Why are stones placed in and around railway tracks?

 The stones placed in and around railway tracks are technically called `ballast'. The railway track, named `Permanent Way' in rail lingo, is a multi-entity structure which comprises the pair of rail lines running parallel, the spaced sleepers, the ballast and the formation.The force exerted by the wheels of the train is transmitted successively in a proportionally diminishing extent down the rails, the sleepers and the ballast to the formation, a well prepared and consolidated road bed.

The ballast consists of broken stones of specific dimensions. The stability of the track depends on the depth of the ballast which imparts a cushioning effect to the track. The standard depth of ballast for trunk route is 25 cms ,for the Broad Gauge and 20 cms, for the Metre Gauge.Besides distributing the pressure on the track, as stated earlier, the ballast provides a foundation for the sleepers holding them in position albeit the shear produced on the rails by the moving train and protects the formation by diverting rain water to the cess, the exposed top portion of the formation.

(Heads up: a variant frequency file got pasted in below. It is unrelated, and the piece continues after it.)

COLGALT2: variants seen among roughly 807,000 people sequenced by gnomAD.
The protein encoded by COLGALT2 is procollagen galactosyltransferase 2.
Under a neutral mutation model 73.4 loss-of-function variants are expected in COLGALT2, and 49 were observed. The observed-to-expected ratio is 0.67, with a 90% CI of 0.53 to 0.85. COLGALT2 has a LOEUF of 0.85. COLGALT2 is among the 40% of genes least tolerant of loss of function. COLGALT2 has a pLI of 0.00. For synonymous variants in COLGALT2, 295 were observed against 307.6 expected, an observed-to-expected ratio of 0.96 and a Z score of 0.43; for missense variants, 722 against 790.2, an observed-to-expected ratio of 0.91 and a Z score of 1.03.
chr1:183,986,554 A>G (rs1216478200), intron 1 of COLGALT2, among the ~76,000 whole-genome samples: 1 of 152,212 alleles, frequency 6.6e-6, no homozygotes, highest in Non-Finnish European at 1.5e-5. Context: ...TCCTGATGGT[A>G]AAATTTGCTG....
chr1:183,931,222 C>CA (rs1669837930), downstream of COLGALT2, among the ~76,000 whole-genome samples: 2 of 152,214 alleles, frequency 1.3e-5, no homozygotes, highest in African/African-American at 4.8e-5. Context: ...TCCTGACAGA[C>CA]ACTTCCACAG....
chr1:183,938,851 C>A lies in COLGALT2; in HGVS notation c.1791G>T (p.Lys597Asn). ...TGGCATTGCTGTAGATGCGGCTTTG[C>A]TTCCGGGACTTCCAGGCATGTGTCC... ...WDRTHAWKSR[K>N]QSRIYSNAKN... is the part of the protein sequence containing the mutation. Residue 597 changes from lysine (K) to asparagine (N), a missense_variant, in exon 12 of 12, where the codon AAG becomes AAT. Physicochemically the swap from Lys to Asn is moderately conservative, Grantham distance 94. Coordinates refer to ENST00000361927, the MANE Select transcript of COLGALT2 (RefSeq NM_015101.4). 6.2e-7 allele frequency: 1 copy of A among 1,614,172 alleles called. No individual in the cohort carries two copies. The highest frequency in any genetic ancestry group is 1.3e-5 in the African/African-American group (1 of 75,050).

Railway maintains periodical screening and packing of ballast. Currently, high-tech Ballast Regulating Machines are employed for the purpose supplanting the human agency.The depth of ballast under the ties has been increased in recent years to accommodate increasingly heavy trains. On some lines this layer is now laid 60.9 cm or even 76.2 cm. thick.

Source : The Hindu